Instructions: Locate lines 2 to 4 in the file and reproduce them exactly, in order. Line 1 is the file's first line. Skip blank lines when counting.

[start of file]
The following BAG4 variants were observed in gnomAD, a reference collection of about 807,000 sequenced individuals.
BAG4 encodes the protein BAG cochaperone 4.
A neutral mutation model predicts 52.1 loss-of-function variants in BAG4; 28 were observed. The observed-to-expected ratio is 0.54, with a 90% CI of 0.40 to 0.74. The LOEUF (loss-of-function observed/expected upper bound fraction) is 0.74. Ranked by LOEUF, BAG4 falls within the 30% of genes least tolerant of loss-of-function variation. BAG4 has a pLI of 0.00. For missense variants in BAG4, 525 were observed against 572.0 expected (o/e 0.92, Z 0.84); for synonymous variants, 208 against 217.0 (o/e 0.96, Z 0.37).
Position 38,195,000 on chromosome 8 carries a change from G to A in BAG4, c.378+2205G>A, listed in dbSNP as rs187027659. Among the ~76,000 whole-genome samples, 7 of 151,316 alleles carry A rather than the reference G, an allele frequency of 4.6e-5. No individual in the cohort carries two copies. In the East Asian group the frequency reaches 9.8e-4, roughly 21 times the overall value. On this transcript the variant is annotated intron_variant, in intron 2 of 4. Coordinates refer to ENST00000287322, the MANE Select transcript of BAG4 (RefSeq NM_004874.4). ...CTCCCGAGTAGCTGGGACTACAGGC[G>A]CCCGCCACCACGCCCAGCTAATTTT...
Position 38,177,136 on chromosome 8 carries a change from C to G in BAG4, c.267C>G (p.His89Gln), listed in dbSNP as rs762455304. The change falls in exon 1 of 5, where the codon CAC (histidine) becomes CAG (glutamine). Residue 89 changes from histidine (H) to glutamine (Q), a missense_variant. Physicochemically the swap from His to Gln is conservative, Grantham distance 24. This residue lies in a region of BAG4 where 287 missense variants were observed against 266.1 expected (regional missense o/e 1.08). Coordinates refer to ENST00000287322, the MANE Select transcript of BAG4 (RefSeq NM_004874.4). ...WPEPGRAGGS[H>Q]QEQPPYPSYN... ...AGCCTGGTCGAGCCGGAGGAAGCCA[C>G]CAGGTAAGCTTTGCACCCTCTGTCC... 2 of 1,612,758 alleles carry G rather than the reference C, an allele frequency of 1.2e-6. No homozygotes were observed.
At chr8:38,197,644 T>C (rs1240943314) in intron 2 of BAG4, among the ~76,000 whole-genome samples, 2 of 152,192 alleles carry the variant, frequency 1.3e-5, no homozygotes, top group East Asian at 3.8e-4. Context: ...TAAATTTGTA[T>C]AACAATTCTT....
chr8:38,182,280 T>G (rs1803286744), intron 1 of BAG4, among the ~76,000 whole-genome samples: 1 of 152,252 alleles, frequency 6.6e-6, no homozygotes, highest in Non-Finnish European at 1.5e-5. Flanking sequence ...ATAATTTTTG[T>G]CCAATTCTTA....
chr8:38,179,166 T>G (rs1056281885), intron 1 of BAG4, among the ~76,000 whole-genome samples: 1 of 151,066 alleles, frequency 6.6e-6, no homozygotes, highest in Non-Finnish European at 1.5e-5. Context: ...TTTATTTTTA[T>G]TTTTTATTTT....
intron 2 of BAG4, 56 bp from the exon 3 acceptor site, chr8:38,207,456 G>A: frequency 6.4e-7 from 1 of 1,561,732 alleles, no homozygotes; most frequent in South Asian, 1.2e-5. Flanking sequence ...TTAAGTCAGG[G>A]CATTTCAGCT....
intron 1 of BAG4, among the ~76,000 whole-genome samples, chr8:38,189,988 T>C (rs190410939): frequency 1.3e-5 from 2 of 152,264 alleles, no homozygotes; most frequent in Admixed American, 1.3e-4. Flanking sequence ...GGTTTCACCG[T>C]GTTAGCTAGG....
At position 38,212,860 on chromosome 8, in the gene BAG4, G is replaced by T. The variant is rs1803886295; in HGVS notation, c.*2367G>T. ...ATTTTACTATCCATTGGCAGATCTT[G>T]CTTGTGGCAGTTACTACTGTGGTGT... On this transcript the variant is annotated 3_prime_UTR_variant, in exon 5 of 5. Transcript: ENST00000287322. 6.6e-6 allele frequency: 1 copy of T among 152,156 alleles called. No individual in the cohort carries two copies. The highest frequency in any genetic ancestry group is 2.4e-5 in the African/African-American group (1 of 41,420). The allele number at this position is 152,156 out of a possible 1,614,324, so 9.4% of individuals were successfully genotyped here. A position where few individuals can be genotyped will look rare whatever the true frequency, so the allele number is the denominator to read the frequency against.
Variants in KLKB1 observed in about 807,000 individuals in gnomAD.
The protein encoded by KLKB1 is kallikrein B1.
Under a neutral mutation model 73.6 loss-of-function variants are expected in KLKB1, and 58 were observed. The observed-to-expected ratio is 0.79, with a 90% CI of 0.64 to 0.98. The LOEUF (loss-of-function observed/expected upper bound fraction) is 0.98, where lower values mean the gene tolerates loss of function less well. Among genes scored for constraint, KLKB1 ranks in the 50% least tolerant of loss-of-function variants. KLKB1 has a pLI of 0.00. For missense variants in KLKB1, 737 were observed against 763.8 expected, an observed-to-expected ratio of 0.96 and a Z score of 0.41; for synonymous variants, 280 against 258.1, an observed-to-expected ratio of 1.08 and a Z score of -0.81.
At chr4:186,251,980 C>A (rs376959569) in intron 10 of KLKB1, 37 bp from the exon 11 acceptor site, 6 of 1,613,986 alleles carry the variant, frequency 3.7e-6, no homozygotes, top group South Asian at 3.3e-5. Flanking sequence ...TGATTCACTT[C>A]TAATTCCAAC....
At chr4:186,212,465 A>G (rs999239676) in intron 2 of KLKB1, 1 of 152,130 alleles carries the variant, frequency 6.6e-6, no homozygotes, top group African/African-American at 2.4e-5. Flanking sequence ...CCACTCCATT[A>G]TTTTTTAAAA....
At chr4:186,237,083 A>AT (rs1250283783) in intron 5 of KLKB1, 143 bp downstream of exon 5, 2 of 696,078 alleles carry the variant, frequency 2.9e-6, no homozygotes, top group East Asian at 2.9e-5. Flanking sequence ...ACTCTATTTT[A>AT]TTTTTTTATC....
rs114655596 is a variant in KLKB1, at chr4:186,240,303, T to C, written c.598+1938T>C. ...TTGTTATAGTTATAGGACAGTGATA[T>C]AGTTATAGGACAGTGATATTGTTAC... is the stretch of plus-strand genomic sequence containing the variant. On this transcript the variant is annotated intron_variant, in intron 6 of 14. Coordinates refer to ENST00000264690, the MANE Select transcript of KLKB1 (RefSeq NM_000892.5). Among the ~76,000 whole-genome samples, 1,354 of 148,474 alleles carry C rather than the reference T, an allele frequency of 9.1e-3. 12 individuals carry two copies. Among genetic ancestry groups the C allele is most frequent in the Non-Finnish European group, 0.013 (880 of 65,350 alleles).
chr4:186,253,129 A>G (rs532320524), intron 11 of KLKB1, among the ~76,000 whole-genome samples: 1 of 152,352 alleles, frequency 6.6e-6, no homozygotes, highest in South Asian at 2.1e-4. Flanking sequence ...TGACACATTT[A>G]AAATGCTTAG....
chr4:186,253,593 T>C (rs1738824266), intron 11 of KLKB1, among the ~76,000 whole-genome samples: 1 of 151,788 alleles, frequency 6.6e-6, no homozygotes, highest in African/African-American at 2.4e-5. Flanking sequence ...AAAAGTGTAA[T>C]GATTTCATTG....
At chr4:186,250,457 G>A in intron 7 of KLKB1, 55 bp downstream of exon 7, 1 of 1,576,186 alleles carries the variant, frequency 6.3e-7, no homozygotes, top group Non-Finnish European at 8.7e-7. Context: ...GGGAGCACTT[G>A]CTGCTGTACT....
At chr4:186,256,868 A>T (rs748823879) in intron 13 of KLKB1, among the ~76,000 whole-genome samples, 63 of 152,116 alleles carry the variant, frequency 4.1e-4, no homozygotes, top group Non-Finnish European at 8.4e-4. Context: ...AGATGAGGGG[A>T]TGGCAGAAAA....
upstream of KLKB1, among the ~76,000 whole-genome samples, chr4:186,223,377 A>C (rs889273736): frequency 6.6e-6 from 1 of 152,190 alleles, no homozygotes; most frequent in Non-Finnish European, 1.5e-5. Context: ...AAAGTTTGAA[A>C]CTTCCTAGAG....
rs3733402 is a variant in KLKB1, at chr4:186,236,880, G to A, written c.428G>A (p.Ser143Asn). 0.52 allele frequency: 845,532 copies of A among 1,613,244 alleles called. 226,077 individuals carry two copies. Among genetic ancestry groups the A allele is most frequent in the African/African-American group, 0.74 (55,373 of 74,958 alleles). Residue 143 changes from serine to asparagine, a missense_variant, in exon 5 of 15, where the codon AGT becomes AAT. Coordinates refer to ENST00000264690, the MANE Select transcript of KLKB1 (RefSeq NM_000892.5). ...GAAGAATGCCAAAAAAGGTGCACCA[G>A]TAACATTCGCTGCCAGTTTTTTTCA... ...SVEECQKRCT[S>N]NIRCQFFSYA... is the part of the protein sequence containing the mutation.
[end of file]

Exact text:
BAG4 encodes the protein BAG cochaperone 4.
A neutral mutation model predicts 52.1 loss-of-function variants in BAG4; 28 were observed. The observed-to-expected ratio is 0.54, with a 90% CI of 0.40 to 0.74. The LOEUF (loss-of-function observed/expected upper bound fraction) is 0.74. Ranked by LOEUF, BAG4 falls within the 30% of genes least tolerant of loss-of-function variation. BAG4 has a pLI of 0.00. For missense variants in BAG4, 525 were observed against 572.0 expected (o/e 0.92, Z 0.84); for synonymous variants, 208 against 217.0 (o/e 0.96, Z 0.37).
Position 38,195,000 on chromosome 8 carries a change from G to A in BAG4, c.378+2205G>A, listed in dbSNP as rs187027659. Among the ~76,000 whole-genome samples, 7 of 151,316 alleles carry A rather than the reference G, an allele frequency of 4.6e-5. No individual in the cohort carries two copies. In the East Asian group the frequency reaches 9.8e-4, roughly 21 times the overall value. On this transcript the variant is annotated intron_variant, in intron 2 of 4. Coordinates refer to ENST00000287322, the MANE Select transcript of BAG4 (RefSeq NM_004874.4). ...CTCCCGAGTAGCTGGGACTACAGGC[G>A]CCCGCCACCACGCCCAGCTAATTTT...